Thanks to my friend Frantz Rimpel who gave me this book as a gift three years ago, I woke up this morning re-reading “Choose Life, A dialogue” between historian Arnold Toynbee and Buddhist lay organization leader Daisaku Ikeda. This book, published in 1972, is a record of Toynbee & Ikeda’s views on critical issues confronting humanity.
The book is divided into 3 main Topics: 1.- Personal and Social Life (the basic human being, the environment, the intellect, health and welfare), 2.- Political and International Life (political system, one world, arms and war), 3.- Philosophical and Religious Life (The nature of things, religion, good and evil).
I read this book a couple of years ago. And this morning I rediscover the depth of its content. It’s always a pleasure to revisit and reread my books. I can go over my underlining and notes in the margin to agree once again with the author, and even disagree with myself.
This is what happened in my skipping though the third chapter entitled : The intellect. It includes their thoughts and viewpoints on education, learning which are in my area of studies being part of a self-directed leadership education program called Life Leadership..
Education helps the man to “see clearly what he ought to be and how he ought to live”, said Ikeda. And Toynbee to add that “education is a continuing search for an understanding of the meaning and the purpose of life and for discovering the right way to live.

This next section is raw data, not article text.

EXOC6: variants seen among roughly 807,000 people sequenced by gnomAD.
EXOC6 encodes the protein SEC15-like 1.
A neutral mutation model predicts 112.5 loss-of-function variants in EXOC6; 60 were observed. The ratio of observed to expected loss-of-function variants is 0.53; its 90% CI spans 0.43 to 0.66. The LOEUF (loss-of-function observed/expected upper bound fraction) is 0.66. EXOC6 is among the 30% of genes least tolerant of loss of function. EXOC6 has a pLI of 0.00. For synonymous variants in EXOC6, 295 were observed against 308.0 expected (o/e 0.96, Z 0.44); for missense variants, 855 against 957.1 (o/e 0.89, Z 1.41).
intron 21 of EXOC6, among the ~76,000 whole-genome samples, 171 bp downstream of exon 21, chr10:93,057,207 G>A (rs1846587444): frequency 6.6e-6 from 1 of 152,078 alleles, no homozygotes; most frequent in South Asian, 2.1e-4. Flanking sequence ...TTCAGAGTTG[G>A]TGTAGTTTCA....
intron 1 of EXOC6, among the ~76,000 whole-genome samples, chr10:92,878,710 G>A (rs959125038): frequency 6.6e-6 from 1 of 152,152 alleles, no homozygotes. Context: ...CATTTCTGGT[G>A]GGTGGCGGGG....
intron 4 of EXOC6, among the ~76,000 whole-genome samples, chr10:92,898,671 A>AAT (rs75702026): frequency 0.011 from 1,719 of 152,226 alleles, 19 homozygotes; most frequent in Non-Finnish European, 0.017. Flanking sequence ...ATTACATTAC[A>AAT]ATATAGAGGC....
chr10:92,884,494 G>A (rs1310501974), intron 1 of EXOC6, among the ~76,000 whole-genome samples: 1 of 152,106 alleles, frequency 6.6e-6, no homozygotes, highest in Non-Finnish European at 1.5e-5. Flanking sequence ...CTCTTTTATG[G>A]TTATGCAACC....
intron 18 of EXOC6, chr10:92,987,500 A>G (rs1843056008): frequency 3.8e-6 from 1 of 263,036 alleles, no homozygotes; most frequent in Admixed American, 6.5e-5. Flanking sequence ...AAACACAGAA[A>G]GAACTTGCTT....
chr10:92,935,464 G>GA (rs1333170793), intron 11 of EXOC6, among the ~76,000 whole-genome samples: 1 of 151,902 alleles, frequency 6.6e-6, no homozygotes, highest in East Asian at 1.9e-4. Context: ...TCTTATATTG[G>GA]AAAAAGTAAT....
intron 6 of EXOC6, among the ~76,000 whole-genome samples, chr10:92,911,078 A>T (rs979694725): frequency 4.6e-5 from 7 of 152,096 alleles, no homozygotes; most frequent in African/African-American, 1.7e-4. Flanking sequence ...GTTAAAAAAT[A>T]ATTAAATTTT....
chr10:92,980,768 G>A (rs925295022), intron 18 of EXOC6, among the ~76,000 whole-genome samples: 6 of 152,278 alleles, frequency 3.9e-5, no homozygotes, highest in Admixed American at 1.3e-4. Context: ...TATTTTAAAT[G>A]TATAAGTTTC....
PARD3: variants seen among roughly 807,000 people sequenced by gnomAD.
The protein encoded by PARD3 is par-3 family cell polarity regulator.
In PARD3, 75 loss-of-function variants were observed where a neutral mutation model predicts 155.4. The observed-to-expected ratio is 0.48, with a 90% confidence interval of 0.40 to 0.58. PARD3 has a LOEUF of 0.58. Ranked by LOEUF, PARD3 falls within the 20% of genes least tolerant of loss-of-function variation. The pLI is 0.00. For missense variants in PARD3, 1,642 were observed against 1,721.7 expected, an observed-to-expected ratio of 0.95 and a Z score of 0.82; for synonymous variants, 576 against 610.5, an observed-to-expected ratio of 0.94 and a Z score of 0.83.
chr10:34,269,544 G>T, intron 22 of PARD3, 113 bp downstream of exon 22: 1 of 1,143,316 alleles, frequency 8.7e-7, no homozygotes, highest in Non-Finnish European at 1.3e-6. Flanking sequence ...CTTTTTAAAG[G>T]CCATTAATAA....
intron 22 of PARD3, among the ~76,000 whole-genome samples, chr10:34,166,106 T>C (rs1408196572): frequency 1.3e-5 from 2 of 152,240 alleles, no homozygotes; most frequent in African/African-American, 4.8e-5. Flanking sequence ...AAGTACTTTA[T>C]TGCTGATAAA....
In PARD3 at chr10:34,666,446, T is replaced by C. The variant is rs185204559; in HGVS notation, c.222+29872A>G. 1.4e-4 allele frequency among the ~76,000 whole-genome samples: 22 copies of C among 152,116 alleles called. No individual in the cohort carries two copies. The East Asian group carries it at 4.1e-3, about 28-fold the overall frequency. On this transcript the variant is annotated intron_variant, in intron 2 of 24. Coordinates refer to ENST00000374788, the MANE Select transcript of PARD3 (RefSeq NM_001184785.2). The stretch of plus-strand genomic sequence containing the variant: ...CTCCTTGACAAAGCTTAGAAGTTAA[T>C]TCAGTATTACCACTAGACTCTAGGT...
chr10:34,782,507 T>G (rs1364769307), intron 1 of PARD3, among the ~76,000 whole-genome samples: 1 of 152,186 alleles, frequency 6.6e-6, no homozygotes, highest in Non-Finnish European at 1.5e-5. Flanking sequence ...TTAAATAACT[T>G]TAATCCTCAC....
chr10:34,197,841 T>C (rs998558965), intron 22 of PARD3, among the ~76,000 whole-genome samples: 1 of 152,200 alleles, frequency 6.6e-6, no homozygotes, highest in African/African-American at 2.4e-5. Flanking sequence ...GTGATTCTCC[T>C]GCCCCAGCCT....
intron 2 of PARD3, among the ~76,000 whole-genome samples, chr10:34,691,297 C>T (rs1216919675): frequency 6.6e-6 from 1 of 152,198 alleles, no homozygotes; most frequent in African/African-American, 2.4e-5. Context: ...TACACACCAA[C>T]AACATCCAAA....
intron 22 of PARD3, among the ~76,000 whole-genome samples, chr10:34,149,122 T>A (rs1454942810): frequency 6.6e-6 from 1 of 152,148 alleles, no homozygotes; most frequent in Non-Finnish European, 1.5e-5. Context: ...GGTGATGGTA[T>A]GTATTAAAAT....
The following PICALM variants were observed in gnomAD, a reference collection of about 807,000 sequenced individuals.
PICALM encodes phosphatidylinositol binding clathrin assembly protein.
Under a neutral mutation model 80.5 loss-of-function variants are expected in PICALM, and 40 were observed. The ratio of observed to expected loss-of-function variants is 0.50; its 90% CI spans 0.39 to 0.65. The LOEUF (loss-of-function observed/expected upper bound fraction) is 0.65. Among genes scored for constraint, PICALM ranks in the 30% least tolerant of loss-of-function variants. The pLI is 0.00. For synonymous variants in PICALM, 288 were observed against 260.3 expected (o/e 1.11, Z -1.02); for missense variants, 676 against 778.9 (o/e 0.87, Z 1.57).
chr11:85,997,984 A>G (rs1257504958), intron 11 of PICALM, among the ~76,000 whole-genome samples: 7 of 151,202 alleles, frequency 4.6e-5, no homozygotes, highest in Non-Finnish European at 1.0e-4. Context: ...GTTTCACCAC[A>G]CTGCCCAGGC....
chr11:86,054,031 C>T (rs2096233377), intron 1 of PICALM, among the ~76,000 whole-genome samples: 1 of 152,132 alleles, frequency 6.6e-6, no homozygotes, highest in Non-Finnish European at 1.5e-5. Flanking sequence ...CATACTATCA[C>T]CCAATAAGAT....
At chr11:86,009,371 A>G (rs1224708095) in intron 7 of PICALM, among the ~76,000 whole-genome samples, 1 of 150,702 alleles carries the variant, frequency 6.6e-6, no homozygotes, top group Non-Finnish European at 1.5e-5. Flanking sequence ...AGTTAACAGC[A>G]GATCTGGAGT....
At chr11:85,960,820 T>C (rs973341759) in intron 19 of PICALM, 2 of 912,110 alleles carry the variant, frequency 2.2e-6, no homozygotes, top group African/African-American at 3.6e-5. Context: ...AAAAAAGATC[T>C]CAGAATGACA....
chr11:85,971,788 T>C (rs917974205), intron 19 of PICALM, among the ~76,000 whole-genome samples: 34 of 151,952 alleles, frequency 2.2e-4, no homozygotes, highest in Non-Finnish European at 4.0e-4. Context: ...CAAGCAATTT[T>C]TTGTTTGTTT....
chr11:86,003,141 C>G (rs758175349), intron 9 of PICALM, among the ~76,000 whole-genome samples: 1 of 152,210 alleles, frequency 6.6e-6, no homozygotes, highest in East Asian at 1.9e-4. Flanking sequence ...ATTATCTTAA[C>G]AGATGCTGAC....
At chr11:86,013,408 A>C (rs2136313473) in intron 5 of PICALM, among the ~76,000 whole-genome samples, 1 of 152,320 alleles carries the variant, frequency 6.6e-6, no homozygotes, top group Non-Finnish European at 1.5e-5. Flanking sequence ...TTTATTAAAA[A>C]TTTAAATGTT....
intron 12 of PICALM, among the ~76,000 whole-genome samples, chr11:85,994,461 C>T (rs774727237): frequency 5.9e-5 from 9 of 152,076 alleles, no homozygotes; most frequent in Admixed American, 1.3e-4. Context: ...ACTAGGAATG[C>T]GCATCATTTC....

“School education is insufficient to the full development and cultivation of individual abilities” Toynbee & Ikeda said, adding that the kind of education system needed today is one that concentrates on developing the whole human being.
Intellectuals and the masses
“Learning today changes so rapidly that often what one learns in school becomes outdated and perhaps useless later on”, they said, arguing that people are more interdependent today and we need to get more involved in community activities to learn from varied life experiences.
There should be no demarcation line between intellectuals and the masses. “Human beings are human beings before they are members of either the intellectual group or the masses”. But they also agree that “people need time and money in order to obtain the kind of education required for serious intellectual pursuits”.
To become an intellectual, three things are required: 1.- Intellectual ability, 2.-The will to work hard at learning, and 3.- money.
There should be “moral obligations” between an intellectual and his community. The intellectual owes it to society to perform a useful social service and society owes it to the intellectual to remunerate him sufficiently.
This is what best selling author and founder of the Life Leadership Orrin Woodward called a compensated community. Life Leadership brings leadership education, life skills development to the masses . This lifetime educational system is targeting to reach in the upcoming year one million people globally reading, listening to audios, streaming videos, associating in open meetings, seminars, building and bonding in community learning groups. This is definitely the way toward bridging the gap bettween the intellectuals, content creators, innovators and the masses.
Toynbee & Ikeda stated in their dialogue that “lifelong part-time education is the surest way of raising the intellectual and moral level of the masses”.
Both intellectuals and the masses should come together, take our common humanity to set as a goal to promote FREEDOM from fear, JUSTICE for all, access to WEALTH for those who are ready to do the work.We must bring our uniqueness as human being, not as a class, group, tribe, in a concerted effort to improve humanity.